What is a Russell's Viper?

Rhonda Rivera

A Russell's viper is a venomous Asian snake that goes by many names including the chain viper, Indian Russell’s viper, and scissor snake. Along with the Indian cobra, the common krait, and the saw-scaled viper, the Russell's viper is a member of the “big four”, which is a group of snakes that cause the most snake bites in South Asia. This snake and its two subspecies are attracted to open areas with plenty of rodents to eat. In turn, rodents are typically abundantly found in places with a dense population of humans, so this viper naturally ends up in close proximity to human settlements. The snake is often described as having slow or sluggish movements unless it feels threatened, then it becomes quick and aggressive.

Russell's vipers can be found in Taiwan, southern China, and most of southeast Asia.
Russell's vipers can be found in Taiwan, southern China, and most of southeast Asia.

On average, the Russell’s viper is about 4 feet (1.2 m) long, but adults can be anywhere from 3 to 5.5 feet (0.9 to 1.7 m) long. The viper is generally more slender than other vipers, and has a flat, triangular head. It is normally a deep yellow-gold to brown in color with three lines of dark brown spots that run the length of its body. These spots are outlined with a deeper color, which in turn is outlined in white or yellow. Gongylophis conicus is a harmless snake that is commonly confused with the Russell’s viper due to its very similar appearances.

A bite from a Russell's viper may cause facial swelling.
A bite from a Russell's viper may cause facial swelling.

This viper is typically only found in Asia; more specifically, it is located in Taiwan, southern China, and most of southeast Asia. In some countries, it is a rare snake to come across. Other countries must deal with an abundant Russell’s viper population. It is rarely found in thick forests, rain forests, or swamps. This viper prefers grasslands, bushy areas, and farmland.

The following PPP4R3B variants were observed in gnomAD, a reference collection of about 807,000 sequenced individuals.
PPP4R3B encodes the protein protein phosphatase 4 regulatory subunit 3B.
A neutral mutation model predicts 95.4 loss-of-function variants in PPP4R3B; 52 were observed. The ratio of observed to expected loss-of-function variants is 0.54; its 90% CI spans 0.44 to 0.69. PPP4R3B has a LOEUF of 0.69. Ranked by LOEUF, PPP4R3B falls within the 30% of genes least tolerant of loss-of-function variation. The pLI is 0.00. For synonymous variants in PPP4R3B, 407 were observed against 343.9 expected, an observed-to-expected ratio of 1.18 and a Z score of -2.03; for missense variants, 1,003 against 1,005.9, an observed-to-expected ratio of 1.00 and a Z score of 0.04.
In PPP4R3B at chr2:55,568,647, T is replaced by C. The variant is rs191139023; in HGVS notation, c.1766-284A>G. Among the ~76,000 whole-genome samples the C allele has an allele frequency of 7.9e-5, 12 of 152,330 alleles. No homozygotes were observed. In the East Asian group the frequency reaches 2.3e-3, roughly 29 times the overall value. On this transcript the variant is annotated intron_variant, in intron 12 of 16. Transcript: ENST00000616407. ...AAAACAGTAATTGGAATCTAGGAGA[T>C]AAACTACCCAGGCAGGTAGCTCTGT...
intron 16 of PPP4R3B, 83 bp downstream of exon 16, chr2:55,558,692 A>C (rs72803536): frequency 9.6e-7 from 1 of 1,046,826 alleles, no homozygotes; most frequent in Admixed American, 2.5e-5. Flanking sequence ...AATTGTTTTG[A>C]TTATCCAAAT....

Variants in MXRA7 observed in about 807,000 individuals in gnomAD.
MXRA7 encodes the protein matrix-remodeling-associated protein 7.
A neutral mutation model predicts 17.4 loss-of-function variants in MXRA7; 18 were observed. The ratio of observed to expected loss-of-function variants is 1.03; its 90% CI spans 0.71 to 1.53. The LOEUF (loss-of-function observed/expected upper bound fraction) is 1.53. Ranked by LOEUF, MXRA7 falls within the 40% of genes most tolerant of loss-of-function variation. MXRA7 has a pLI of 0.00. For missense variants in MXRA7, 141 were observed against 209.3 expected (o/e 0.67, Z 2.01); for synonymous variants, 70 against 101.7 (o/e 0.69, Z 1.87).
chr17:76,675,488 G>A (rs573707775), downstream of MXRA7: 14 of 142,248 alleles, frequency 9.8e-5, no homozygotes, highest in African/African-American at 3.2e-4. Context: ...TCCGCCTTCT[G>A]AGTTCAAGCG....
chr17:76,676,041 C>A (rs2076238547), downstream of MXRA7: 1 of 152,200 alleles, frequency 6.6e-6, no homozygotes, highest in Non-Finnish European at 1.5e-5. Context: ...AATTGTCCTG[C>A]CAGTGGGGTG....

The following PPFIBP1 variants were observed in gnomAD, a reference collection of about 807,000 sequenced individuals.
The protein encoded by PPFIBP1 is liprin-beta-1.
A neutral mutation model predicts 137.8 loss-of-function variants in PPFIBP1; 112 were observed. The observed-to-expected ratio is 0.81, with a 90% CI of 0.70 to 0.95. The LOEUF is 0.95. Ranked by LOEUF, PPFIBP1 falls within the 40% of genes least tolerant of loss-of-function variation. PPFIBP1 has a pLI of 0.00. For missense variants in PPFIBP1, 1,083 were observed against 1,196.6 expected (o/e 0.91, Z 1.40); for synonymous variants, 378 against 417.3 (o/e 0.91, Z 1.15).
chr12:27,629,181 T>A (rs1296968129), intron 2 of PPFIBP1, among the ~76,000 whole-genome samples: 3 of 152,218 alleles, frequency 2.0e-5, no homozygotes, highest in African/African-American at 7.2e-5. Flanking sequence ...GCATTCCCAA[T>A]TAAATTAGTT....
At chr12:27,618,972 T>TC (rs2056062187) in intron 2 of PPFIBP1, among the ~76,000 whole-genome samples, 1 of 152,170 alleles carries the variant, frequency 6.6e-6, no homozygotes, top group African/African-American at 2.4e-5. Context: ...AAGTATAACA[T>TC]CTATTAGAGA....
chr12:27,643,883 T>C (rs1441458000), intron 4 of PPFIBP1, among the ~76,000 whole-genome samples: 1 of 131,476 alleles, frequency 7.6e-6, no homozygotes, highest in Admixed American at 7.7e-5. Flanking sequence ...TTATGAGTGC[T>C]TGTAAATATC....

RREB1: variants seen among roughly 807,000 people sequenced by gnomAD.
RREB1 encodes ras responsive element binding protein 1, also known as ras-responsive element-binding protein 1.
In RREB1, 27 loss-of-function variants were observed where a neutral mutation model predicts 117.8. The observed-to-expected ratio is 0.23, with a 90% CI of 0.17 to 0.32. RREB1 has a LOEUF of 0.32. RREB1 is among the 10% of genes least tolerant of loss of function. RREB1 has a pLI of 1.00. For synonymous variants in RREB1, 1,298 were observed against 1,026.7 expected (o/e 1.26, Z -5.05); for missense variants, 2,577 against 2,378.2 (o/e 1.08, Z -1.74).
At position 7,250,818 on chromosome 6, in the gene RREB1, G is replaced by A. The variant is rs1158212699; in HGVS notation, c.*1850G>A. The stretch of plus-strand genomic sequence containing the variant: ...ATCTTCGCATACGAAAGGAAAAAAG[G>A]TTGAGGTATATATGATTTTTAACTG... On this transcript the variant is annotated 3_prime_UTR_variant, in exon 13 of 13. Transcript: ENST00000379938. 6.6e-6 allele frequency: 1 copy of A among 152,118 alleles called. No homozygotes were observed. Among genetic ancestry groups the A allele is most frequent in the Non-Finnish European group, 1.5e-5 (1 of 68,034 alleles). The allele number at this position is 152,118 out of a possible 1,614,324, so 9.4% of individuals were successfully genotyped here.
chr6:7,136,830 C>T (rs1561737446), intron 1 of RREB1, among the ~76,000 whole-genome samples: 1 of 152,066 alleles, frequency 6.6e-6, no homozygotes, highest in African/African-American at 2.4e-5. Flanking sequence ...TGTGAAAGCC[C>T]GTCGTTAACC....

Juvenile Russell’s vipers are both more energetic and aggressive than their elder counterparts. Other key behaviors of this species are its distinctively loud hiss when in a threatening posture, and that, when it is biting someone, it may either quickly withdraw or remain in the bite position. In line with their extra aggression, young vipers will sometimes feed on other members of their own species.

The venom of the Russell's viper is dangerous, and people bitten by the snake can die within as little as 24 hours due to kidney, heart, or respiratory failure, as well as sepsis. Some people assert that the Russell’s viper is one of the most dangerous snakes in southeast Asia, due to its propensity to bite and toxicity. An antivenin for the poison exists, but bites from the snake remain very dangerous. Typical symptoms of a bite from the Russell’s viper include local pain, bleeding, and swelling. Other symptoms include facial swelling, bleeding from the gums, and necrosis.

A person bitten by a Russell's viper may die within 24 hours due to sepsis.
A person bitten by a Russell's viper may die within 24 hours due to sepsis.

You might also Like

Readers Also Love

Discussion Comments


@Scrbblchick -- I've heard other Vietnam vets tell similar stories about running into those snakes pretty close to their barracks. Apparently, they look enough like the U.S. pit vipers that they automatically instill fear in anyone who knows what they look like.

A former co-worker had a husband who was point man on a recon unit in Vietnam. He said one tactic they used to clear the VC from the immediate area was to learn to hiss like a Russell's viper. He said if you'd ever heard one hiss, you'd never forget it, and the VC knew very well what they sounded like. So, if they heard that hiss, they would beat feet out of the territory. Bob said he actually ran across one of them one time, and it struck at him, but fortunately, he had his combat boots and leggings on and it couldn't bite through the tough material. He said he ran like hell and left the legging behind after he unfastened it from the back. The snake was still striking at it.


A guy I was in college with told me about when his dad was an airplane mechanic in Vietnam. He said his dad was working on a plane when he saw this snake drop down out from underneath the cockpit's instrument panel.

He knew better than to pick it up, but got one of the South Vietnamese guys in the motor pool over to the plane to ID the snake. The guy took one look at the snake and ran off yelling, "Two-step! Two-step!" That's the Russell's viper in the vernacular. You get bit, take two steps and die.

They ended up getting a garbage can and a shovel and basically raked the snake into it, then took it to the edge of the airstrip and turned the can over and ran. My friend's dad said it looked like a mutant rattler, so he knew he didn't want to have anything to do with it!

Post your comments
Forgot password?